I went from a Substitute Teacher trying to work and study my way into the wonderful world of being a credentialed teacher to a District Intern trying to do the same. I'm a teacher, jumping life hurdles as I continue to learn to teach and teach to learn.
Sometimes, I truly believe in thanking my students with treats like cookies and donuts. Yeah, yeah, save me the lesson on childhood obesity, heart disease, dangers of high cholesterol, and all that stuff (besides, I live and lived all that, but that is a whole other story).
And this is where I learned that perhaps some awards can be taken for granted.
When my second period class was observed by our high school principal, my students behaved their natural selves. 9th graders. Those who always talked, talked; those who naturally get out of their seats got out of those seats; and those who usually sit quietly sat quietly.
For the most part, they behaved and even when my back was turned, the Principal was surprised at how well they behaved. In noticing this he praised my 2nd period class and the next day, after the day’s lesson, I served them donuts. They thanked me and went on their nutrition break when the bell rang.
That is how it was and should be, right?
So when the Career Center Director commended my 5th period on their behavior and having to never had such a group of well-behaved students, I rewarded my students with cookies.
Students tossed grapes across the class at a girl, and the next thing I knew grapes were all over my classes.
ME: Is someone going to take responsibility for these grapes?
I suspected three students, three that I felt were improving in my class, three students whom I expected to admit to their faults.
Of course not. Am I a fool for giving them the benefit of the doubt? ABSOLUTELY. But I did not punish one student. Nope. I decided this class just needed to be taught…differently.
I told my students to return to their seats and to start taking notes. Upon reflection, I realized, that perhaps I should have served the cookies toward the end of class and not allow them to “relax.”
Something like this happened last year, on my birthday.
And so, with my broken-heart, as I picked up the grapes, realized that treats and rewards can be distributed differently.
Just not to fifth period.
I decided to teach my fifth period differently. Same lesson, less rewards, and just work and notes. I said that before, I am sure, but I think this heart is tired of learning the same old lesson and repeating the same mistakes.
This is me, learning as I go along.
The grading period for the second progress report ends this Friday and my students have been working on a student biography for two weeks. I had them practice creating interview questions, practice the interview process by engaging in something similar to speed dating (don’t ask how I know what speed dating is like, and I definitely did not want to know how my students knew what speed dating is), and I had students interview another student in class (pairs were created by me) for the student biography writing assignment.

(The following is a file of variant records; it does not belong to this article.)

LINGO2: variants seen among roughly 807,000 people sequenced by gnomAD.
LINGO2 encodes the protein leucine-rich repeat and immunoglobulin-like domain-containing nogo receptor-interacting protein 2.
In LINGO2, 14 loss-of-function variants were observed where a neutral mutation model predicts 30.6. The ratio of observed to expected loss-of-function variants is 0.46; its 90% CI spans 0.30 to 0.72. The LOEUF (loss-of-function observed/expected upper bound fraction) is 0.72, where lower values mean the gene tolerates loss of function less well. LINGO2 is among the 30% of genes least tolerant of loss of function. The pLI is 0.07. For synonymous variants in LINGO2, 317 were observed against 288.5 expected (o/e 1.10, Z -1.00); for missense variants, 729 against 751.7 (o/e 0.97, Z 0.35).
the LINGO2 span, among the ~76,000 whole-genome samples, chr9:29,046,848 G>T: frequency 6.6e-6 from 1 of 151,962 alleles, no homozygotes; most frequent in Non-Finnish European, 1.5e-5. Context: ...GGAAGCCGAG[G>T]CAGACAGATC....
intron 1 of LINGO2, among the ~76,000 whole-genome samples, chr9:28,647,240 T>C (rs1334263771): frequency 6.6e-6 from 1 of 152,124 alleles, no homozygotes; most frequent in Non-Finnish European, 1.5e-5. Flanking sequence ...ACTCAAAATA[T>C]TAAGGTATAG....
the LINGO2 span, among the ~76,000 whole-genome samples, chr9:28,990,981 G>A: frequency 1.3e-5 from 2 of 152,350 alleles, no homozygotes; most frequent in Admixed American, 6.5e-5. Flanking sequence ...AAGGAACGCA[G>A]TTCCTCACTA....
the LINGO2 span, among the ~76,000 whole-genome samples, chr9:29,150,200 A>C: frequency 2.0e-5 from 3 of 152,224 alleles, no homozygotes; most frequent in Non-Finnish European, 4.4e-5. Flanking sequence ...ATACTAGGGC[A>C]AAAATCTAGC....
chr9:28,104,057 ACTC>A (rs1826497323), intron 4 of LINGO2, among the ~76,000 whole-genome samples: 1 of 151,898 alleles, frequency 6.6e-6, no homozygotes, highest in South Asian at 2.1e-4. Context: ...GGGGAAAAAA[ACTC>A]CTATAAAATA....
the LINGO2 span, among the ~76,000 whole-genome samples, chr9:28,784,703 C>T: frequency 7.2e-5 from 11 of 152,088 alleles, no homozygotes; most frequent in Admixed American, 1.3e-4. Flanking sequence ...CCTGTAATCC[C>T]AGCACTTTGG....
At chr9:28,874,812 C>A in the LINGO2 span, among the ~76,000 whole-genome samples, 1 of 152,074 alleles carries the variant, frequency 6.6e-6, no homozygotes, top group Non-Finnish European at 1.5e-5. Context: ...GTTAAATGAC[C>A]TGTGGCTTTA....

I mean, I get it…
I had them engage in the writing process. Brainstorming, pre-writing, outlining, creating a draft, and today…The PERFECT paper.
So, what IS The PERFECT paper?
No contractions. (STUDENT: Why can’t I use contractions? ME: Because you do not use them properly and it makes you a stronger writer to not use contractions.)
No use of white out.
No scratches or crossing out (they already do that on their drafts).
The paper has a title.
The student included the proper heading: name, date, and class period.
Black or dark blue ink (when I say blue ink, they think baby blue ink is proper).
It is considered a rough draft IF the final paper has any of the above.
I encourage errors and mistakes when they respond to journal assignments, work on anything that does not require formal writing, and quick responses. How else is a writer going to learn and improve their skills?
Many students asked permission to type the paper.
Type? Nope. WE write. I do not want my students to simply…
Even THIS happened…
ME: I enjoy seeing you guys work hard and go through this process.
STUDENT: You like seeing us go through this torture.
ME: That too!
ME: I torture you with knowledge. KNOWLEDGE. I would not torture you with this if I did not think you can handle it.
Plus, well, my High School teacher, Mr. Vetrano, put me through this SAME torture for the SAME reason.
Oh, and this happened…
STUDENT: Miss, I was in World History and I wrote a contraction down and then I quickly erased it because I can hear you yelling at me.
I had a student TRY to slam the door (instead he kicked the door) because I sent him back to rewrite the imperfect paper. I appreciated this reaction. He worked hard and to his potential. This SHOWED it! Truth is I may put my students through this struggle and process, but how else will they understand that with practice makes perfect? How else will they understand that working hard makes the grade?
And though I allowed the students to talk, for the most part, they got the work done. I had a room filled of students like this:
The PERFECT paper is NOT perfect. The PERFECT paper appears to be perfect, and that attempt, THAT struggle, makes that student a writer. Makes that student understand what it feels like to make the grade.
They all have succeeded.
Their PERFECT paper IS perfect. And now they know what I mean when I ask them to create the PERFECT paper.
We will go through this again before I get them to focus on the upcoming technology assignments. Yup. Technology.